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NEWS | July 24, 2023

Summit to focus on Army's future capabilities for 2030 and beyond

U.S. Army Forces Command

Senior Army leaders from Fort Liberty and across the U.S. Army and industry will provide details and discussions on “America’s Army: Ready for Today, Modernizing for 2030 and Beyond” at the upcoming Association of the United States Army Warfighter Summit and Exposition July 26-27 in Fayetteville, North Carolina.

“This year’s Warfighter Summit will highlight how the U.S. Army’s next ground war will be fought,” said Gen. Andrew Poppas, the commanding general of U.S. Army Forces Command. “For a global security environment as complex and dynamic as today’s, the Army cannot afford to wait until future requirements become clear. Today, our formations are driving the readiness we need to deter, fight, and win tomorrow’s wars wherever we’re called to do so. And because those future requirements are still uncertain, we must be even more ready, more capable, and more flexible than ever before.”

This is the second year AUSA is hosting the Warfighter Summit.

The summit’s primary focus is the Soldier and the defense industry professionals who support the Army warfighter. To meet evolving threats, the U.S. Army is undergoing a once-in-a-generation transformation to develop the capability to converge effects on land, in the air, sea, space and cyberspace. This transformation includes investment in people, reorganization of Army forces, the development of new equipment, and the adoption of new concepts on how to fight and allow the Army to maintain superiority over any potential adversary.

The Army has been consistent and persistent in pursuing modernization initiatives to deliver the Army of 2030 and design the Army of 2040. It is committed to six modernization portfolios: long-range precision fires, next generation combat vehicle, future vertical lift, the network, air and missile defense and Soldier lethality.

Delivering the Army of 2030 and designing the Army of 2040 are priorities of Forces Command, Army Futures Command and Army Training and Doctrine Command. All three commands — as well as the U.S. Army Special Operations Command — will be represented at the two-day professional forum. The Warfighter Summit opens July 26 with a keynote presentation by Gen. Gary Brito, commanding general of Training and Doctrine Command.

“The Army’s most valuable asset is its people,” said Gen. Gary Brito, commanding general of U.S. Army Training and Doctrine Command. “Our Army will, and it always has … acquired the best tank, the best helicopter, the best Humvee, the best you name it,” he said. “All of those pieces of equipment … will not work, if not for our Soldiers, leaders, and civilian professionals from all walks of life and every state and territory.”

“This is a big, total-team effort, and we will succeed at this,” Brito said. “To deliver the Army of 2030 and get ready for 2040, we are turning today’s recruiting challenge into an opportunity and continuing to innovate our talent management approaches.”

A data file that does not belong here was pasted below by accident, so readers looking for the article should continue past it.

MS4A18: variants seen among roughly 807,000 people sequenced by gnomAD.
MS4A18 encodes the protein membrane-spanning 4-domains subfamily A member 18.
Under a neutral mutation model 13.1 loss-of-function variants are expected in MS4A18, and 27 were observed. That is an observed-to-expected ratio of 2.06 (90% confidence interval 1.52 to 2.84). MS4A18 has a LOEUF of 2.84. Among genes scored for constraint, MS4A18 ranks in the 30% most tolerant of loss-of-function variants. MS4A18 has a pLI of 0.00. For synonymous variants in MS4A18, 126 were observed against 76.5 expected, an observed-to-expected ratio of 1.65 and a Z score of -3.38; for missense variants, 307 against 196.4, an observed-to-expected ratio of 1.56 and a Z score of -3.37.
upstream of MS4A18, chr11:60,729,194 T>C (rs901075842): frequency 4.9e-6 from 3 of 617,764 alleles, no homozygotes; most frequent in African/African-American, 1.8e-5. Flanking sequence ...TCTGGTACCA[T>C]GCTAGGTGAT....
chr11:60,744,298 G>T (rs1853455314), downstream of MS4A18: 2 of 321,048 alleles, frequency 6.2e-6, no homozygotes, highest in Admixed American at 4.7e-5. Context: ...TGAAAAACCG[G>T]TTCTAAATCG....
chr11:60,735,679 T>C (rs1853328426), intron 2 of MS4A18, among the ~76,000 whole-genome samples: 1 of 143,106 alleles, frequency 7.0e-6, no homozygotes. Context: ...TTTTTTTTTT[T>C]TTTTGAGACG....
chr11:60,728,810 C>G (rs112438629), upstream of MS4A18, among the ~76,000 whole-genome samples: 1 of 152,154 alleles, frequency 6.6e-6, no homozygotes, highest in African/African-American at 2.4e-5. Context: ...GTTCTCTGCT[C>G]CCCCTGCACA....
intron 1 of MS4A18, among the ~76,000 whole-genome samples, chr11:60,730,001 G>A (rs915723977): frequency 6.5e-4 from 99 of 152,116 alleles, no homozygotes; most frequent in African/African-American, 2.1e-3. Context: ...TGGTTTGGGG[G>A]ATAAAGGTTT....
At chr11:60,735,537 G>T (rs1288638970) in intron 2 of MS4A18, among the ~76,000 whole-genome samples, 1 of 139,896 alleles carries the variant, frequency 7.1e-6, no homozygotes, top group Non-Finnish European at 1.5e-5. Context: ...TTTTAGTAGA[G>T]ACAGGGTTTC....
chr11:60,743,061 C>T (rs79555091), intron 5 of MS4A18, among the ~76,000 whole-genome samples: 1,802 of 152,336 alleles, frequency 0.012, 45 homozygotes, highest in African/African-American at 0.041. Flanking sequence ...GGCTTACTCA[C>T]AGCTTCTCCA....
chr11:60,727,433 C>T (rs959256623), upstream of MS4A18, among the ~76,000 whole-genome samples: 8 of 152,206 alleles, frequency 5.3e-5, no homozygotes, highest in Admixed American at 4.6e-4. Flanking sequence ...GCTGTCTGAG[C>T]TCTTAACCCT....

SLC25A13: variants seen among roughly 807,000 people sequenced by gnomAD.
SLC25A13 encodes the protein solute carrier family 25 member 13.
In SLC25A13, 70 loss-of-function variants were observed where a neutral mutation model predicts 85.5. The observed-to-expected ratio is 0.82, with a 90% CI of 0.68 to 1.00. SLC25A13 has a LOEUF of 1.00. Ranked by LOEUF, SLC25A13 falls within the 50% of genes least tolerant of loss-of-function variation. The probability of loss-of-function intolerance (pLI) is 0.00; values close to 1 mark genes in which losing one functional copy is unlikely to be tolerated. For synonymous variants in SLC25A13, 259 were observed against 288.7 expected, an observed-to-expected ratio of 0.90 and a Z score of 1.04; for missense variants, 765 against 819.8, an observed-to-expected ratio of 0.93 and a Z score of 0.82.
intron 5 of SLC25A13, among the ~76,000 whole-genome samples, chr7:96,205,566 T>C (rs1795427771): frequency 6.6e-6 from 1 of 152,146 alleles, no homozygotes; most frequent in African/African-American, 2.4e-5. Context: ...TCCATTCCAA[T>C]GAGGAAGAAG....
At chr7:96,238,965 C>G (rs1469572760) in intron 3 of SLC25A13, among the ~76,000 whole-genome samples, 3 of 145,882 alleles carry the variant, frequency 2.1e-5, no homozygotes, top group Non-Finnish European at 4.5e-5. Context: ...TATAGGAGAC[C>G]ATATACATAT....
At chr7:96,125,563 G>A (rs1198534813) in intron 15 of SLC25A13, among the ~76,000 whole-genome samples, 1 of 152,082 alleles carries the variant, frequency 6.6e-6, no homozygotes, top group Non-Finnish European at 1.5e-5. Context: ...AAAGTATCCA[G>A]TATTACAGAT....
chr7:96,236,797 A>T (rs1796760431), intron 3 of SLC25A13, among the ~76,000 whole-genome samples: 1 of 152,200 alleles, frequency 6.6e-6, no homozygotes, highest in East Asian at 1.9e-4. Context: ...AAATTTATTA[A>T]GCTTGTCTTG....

“I think from a technology perspective, this is probably the most disruptive period of time since World War II,” said Gen. James Rainey, Army Futures Command commanding general.

“The Army must keep up its modernization momentum, we need to approach 2040 with a sense of urgency now,” Rainey said. “Transforming the Army to ensure war-winning future readiness … is the best guarantee that our successful materiel modernization efforts will produce lethal formations that will deter our enemies, and, if required, dominate the land domain in conflict.”

Fort Liberty leaders will emphasize the Army post’s role as America’s Contingency Force during a discussion by Lt. Gen. Christopher Donahue, commanding general of the XVIII Airborne Corps and Fort Liberty, and by XVIII Airborne Corps’ Command Sgt. Maj. Thomas J. “T.J” Holland. U.S. Army Special Operations Command’s deputy commanding general, Maj. Gen. Patrick Roberson, also will highlight Fort Liberty’s role in irregular warfare.

There will be a fireside chat with Maj. Gen. Donn Hill, commanding general of the Army Security Force Assistance Command, also based at Fort Liberty; and by Lt. Gen. Kevin Vereen, deputy Army chief of staff for installations, G-9, at the Pentagon.

Command Sgt. Maj. Todd Sims, the U.S. Army Forces Command’s command sergeant major, will speak during the summit about “Training the Force of 2030” — to include the Army’s premier Combat Training Centers: the National Training Center at Fort Irwin, California, and the Joint Readiness Training Center at Fort Johnson, Louisiana.

A highlight of the Warfighter Summit will be a discussion by Sergeant Major of the Army Michael Grinston, who will speak about the vital role of the U.S. Army’s Non-Commissioned Officer Corps as the U.S. Army faces the future’s often uncertain events.

“America is entering a new era of global security challenges,” Poppas said, “and with it we are ushering in a new generation of warfighters. We must be ready for what comes next.”

To view the livestream coverage of AUSA Warfighter Summit and Exposition, visit the special DVIDS feature page.

Visit the AUSA website to register for the Warfighter Summit or for more information.